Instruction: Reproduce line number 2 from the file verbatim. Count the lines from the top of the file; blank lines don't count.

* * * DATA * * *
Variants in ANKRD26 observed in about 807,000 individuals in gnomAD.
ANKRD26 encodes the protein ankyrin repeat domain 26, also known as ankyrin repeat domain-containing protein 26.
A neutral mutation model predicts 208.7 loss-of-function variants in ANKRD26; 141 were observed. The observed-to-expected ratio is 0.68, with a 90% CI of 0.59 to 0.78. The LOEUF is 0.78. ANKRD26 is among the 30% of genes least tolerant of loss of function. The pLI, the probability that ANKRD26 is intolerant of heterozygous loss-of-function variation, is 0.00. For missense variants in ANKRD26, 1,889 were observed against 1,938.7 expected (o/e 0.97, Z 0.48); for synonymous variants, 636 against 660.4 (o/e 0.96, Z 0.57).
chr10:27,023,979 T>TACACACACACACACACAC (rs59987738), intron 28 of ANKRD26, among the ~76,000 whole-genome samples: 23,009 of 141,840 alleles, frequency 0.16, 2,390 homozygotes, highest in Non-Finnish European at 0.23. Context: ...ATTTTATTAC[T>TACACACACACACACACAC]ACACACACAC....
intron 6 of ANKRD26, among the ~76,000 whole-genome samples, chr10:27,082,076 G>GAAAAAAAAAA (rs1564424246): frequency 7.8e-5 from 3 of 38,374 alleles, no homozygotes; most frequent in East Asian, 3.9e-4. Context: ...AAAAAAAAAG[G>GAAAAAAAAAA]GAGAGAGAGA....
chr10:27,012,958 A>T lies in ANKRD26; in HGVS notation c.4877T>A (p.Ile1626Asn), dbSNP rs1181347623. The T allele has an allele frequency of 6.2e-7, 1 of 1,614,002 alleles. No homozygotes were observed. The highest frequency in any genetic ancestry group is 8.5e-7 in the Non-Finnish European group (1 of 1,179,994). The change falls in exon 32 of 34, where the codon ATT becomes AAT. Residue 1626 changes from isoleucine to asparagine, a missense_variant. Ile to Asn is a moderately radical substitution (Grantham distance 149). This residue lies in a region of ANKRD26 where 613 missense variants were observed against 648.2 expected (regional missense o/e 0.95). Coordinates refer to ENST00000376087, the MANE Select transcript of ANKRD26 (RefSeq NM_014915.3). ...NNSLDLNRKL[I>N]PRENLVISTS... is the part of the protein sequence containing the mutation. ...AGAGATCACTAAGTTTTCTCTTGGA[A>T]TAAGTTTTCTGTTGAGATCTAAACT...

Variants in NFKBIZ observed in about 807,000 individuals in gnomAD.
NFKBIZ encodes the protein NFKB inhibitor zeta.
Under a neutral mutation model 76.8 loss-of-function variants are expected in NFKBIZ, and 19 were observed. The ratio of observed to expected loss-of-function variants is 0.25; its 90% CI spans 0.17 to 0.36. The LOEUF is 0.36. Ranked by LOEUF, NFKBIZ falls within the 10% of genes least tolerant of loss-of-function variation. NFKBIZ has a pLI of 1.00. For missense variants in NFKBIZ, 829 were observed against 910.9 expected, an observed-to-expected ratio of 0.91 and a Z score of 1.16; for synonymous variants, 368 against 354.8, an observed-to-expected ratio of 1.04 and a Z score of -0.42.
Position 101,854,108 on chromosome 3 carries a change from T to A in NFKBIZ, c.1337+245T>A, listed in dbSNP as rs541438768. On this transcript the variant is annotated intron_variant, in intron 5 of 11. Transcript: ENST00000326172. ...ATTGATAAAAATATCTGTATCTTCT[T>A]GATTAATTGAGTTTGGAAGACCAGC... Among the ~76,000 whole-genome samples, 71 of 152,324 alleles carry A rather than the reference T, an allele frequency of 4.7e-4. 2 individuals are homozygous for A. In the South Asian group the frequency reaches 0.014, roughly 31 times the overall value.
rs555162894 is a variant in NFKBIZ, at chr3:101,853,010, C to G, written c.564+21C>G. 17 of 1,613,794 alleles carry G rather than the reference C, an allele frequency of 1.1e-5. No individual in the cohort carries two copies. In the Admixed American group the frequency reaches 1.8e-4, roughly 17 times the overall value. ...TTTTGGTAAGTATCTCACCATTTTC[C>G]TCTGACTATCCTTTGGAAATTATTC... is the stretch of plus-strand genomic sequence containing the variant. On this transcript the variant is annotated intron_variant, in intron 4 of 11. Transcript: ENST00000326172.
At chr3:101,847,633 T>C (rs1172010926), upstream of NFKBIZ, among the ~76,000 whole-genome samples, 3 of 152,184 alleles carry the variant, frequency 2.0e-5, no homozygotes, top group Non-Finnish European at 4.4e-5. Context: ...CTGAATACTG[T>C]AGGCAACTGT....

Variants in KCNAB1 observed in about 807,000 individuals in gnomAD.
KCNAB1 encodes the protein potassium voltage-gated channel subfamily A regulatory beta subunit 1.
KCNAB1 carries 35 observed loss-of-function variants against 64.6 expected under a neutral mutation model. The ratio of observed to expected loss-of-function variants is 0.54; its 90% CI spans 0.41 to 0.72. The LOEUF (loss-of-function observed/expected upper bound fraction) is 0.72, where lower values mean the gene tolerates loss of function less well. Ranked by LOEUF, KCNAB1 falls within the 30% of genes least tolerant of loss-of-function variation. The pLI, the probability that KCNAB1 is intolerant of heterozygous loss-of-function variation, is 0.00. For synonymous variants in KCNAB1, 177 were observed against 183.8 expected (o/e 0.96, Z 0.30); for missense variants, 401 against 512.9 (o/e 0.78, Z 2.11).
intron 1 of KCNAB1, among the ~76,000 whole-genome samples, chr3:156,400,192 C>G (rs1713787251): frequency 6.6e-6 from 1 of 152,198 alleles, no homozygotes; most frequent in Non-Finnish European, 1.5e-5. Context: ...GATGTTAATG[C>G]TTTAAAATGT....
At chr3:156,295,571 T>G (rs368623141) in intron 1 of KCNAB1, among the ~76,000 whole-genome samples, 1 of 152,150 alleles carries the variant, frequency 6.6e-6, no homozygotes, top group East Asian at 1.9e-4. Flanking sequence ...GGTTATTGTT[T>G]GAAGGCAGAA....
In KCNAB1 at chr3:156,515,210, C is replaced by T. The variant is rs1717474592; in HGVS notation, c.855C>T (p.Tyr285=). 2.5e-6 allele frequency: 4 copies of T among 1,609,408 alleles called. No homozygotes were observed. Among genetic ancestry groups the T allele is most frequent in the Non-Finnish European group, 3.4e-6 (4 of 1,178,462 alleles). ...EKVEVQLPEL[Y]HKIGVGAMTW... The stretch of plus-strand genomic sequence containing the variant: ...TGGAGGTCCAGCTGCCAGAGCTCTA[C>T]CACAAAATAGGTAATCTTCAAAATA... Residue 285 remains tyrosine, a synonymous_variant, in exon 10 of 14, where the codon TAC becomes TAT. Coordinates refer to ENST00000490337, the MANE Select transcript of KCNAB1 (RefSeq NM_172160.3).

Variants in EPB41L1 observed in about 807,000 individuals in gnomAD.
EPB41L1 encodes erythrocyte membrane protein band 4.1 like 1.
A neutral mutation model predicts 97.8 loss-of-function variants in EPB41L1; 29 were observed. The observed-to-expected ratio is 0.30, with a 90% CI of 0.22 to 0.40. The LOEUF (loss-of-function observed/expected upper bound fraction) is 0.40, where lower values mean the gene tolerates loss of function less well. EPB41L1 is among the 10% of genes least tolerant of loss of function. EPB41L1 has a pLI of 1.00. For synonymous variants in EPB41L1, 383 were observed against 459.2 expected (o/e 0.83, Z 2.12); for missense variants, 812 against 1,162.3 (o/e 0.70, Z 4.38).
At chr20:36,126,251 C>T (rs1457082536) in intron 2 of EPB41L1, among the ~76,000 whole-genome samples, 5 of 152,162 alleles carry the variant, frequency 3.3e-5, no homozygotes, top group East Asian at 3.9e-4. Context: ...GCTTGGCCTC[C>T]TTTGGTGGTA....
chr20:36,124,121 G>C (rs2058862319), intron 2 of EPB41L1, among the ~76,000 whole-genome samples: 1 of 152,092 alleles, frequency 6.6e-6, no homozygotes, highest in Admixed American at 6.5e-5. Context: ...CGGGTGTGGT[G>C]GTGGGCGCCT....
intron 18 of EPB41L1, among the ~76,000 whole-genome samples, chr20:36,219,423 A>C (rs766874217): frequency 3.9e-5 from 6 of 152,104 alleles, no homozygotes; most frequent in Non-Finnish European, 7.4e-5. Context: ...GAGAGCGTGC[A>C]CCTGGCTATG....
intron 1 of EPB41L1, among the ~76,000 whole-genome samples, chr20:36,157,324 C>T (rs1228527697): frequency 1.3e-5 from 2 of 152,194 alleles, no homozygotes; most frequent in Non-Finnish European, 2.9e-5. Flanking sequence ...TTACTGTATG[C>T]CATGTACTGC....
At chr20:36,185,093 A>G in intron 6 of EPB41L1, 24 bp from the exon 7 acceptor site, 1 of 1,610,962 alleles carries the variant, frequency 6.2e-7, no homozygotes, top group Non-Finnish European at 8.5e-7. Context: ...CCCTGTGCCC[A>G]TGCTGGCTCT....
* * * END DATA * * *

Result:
ANKRD26 encodes the protein ankyrin repeat domain 26, also known as ankyrin repeat domain-containing protein 26.